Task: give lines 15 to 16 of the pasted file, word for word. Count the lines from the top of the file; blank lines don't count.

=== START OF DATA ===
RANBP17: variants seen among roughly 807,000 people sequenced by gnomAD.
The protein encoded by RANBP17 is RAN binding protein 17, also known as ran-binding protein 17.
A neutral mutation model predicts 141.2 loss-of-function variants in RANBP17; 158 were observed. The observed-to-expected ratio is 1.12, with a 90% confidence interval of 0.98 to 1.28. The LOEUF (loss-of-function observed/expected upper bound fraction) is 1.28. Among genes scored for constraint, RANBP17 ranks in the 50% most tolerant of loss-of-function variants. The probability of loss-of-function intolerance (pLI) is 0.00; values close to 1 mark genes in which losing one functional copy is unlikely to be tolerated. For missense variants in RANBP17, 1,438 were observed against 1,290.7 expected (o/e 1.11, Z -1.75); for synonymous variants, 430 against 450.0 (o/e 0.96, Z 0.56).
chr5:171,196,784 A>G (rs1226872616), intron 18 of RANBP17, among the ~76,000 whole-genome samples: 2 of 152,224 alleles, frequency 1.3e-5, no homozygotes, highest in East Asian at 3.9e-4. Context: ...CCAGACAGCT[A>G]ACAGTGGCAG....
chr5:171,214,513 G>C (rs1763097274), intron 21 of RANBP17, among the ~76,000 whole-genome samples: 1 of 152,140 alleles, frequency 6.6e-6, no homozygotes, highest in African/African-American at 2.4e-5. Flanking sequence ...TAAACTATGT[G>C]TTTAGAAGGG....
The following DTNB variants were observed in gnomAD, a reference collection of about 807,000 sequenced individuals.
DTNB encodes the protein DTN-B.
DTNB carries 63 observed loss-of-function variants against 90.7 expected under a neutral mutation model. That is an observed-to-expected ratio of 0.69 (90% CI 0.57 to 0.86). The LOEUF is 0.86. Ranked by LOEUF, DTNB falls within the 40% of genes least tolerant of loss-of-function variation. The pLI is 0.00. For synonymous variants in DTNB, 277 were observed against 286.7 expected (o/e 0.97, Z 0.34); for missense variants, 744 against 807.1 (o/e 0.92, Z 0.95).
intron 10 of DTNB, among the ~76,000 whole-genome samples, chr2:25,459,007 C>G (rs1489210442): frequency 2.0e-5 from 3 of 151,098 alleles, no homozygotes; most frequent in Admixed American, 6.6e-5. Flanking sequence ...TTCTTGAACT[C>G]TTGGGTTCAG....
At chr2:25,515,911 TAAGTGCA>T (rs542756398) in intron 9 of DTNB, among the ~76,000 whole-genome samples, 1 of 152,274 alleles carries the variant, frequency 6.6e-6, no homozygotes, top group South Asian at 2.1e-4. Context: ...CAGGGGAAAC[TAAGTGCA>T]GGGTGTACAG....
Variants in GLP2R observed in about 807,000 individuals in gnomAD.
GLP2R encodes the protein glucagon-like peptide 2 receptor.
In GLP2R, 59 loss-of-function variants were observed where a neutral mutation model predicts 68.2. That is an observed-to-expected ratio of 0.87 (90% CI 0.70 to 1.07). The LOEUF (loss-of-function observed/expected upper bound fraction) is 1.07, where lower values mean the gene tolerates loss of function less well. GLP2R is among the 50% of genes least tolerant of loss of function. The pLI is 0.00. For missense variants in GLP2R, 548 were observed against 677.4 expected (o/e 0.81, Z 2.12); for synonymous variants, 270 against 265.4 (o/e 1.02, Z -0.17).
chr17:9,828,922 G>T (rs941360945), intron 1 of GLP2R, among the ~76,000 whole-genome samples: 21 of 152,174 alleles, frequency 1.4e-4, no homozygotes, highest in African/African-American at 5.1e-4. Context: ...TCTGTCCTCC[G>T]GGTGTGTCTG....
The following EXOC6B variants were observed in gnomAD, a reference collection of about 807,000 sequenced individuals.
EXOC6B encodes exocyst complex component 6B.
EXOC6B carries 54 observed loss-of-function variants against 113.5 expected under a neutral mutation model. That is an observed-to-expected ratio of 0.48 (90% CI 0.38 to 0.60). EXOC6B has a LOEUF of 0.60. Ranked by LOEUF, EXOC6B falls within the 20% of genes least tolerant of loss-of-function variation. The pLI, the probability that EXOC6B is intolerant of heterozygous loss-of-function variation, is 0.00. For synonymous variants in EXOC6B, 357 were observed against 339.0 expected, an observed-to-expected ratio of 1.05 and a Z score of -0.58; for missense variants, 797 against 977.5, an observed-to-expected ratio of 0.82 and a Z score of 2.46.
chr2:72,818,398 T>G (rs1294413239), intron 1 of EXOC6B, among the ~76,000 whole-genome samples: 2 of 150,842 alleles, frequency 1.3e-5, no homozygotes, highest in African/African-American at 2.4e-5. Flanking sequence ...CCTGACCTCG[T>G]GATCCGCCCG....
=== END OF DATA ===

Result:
The following EXOC6B variants were observed in gnomAD, a reference collection of about 807,000 sequenced individuals.
EXOC6B encodes exocyst complex component 6B.